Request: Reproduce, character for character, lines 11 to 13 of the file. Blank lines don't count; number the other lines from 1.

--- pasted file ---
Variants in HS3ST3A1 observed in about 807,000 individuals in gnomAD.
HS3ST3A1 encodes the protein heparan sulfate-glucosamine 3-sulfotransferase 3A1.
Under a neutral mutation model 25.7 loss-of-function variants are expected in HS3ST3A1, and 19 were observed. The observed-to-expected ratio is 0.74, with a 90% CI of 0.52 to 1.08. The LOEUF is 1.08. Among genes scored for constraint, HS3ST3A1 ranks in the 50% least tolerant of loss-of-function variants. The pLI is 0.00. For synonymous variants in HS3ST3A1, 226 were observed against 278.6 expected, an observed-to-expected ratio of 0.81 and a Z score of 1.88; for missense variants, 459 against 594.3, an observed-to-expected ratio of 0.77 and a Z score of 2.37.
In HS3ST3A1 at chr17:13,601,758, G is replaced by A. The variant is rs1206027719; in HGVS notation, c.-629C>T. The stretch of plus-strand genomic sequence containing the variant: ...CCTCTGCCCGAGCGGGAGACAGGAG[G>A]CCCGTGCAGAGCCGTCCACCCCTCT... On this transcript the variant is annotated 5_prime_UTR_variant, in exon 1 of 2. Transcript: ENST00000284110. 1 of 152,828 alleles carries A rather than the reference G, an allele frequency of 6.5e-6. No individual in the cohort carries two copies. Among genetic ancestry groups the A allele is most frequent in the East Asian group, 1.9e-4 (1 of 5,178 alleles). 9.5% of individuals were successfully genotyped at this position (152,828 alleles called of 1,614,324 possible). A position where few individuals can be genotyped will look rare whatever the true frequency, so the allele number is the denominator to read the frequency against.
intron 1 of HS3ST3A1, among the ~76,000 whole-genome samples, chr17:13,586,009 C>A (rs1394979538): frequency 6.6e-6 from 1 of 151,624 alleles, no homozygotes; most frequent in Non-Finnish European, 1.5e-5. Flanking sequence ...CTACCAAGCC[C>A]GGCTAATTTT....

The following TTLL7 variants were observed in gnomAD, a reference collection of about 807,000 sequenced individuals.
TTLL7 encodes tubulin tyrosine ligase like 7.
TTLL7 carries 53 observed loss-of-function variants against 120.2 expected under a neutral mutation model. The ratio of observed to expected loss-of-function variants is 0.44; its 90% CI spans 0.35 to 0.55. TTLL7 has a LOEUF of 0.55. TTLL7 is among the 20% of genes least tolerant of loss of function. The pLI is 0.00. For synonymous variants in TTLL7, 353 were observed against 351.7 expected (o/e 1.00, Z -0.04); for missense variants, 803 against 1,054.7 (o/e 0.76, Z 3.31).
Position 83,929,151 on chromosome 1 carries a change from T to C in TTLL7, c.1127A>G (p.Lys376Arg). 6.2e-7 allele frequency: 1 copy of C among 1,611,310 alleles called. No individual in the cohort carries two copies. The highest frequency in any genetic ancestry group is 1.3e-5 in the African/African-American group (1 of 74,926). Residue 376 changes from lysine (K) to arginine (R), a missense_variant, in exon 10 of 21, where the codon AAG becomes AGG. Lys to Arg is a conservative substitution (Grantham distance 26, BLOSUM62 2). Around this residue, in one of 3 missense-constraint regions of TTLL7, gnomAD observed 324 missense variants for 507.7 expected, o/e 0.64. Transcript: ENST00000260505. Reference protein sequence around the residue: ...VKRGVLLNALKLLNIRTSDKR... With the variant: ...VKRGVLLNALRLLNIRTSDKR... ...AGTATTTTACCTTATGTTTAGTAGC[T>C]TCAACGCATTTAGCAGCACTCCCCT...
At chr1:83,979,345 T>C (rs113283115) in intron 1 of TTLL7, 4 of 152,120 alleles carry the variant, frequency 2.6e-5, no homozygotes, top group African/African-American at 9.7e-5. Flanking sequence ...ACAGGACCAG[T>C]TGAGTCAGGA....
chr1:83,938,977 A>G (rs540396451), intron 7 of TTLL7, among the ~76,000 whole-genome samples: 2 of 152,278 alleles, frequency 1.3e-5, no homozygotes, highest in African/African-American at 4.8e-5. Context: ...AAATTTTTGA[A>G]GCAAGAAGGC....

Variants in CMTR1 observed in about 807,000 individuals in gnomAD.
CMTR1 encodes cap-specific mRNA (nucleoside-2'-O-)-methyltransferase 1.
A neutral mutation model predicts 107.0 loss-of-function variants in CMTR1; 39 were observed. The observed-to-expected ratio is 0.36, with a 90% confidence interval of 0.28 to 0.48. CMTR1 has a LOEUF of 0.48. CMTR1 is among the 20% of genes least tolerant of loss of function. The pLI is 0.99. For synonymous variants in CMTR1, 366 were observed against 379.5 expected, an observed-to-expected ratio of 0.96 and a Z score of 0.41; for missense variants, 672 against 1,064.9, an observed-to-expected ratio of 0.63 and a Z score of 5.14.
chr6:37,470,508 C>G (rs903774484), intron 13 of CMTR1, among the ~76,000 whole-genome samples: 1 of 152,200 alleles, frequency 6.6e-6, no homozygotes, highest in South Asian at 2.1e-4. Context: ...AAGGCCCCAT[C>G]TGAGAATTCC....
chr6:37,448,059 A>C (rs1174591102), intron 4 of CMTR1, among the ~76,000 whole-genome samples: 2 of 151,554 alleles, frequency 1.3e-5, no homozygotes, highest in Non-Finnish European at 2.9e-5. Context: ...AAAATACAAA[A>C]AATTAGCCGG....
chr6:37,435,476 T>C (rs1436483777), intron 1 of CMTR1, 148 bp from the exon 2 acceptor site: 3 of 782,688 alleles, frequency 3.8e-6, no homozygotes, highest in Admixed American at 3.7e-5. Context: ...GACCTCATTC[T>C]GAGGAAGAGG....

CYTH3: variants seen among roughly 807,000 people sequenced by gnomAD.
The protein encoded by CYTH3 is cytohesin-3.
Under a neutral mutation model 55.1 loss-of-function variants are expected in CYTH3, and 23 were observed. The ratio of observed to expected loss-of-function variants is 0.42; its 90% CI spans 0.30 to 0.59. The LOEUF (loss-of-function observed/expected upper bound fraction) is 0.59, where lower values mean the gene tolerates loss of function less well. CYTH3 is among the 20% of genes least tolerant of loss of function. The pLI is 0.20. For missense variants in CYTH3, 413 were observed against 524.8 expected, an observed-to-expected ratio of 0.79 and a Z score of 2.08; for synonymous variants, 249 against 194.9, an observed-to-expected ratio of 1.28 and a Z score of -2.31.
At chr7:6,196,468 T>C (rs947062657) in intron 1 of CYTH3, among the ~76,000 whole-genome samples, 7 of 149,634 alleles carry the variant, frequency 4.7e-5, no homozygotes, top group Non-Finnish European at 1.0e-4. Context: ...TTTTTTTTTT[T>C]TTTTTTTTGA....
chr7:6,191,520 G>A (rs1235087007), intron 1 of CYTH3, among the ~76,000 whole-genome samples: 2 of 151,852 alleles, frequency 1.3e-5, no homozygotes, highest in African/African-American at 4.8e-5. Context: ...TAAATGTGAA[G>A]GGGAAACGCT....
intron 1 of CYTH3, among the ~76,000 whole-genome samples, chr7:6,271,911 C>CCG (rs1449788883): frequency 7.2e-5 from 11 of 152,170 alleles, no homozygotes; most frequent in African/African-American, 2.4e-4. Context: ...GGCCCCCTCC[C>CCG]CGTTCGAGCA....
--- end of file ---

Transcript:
chr1:83,938,977 A>G (rs540396451), intron 7 of TTLL7, among the ~76,000 whole-genome samples: 2 of 152,278 alleles, frequency 1.3e-5, no homozygotes, highest in African/African-American at 4.8e-5. Context: ...AAATTTTTGA[A>G]GCAAGAAGGC....

Variants in CMTR1 observed in about 807,000 individuals in gnomAD.
CMTR1 encodes cap-specific mRNA (nucleoside-2'-O-)-methyltransferase 1.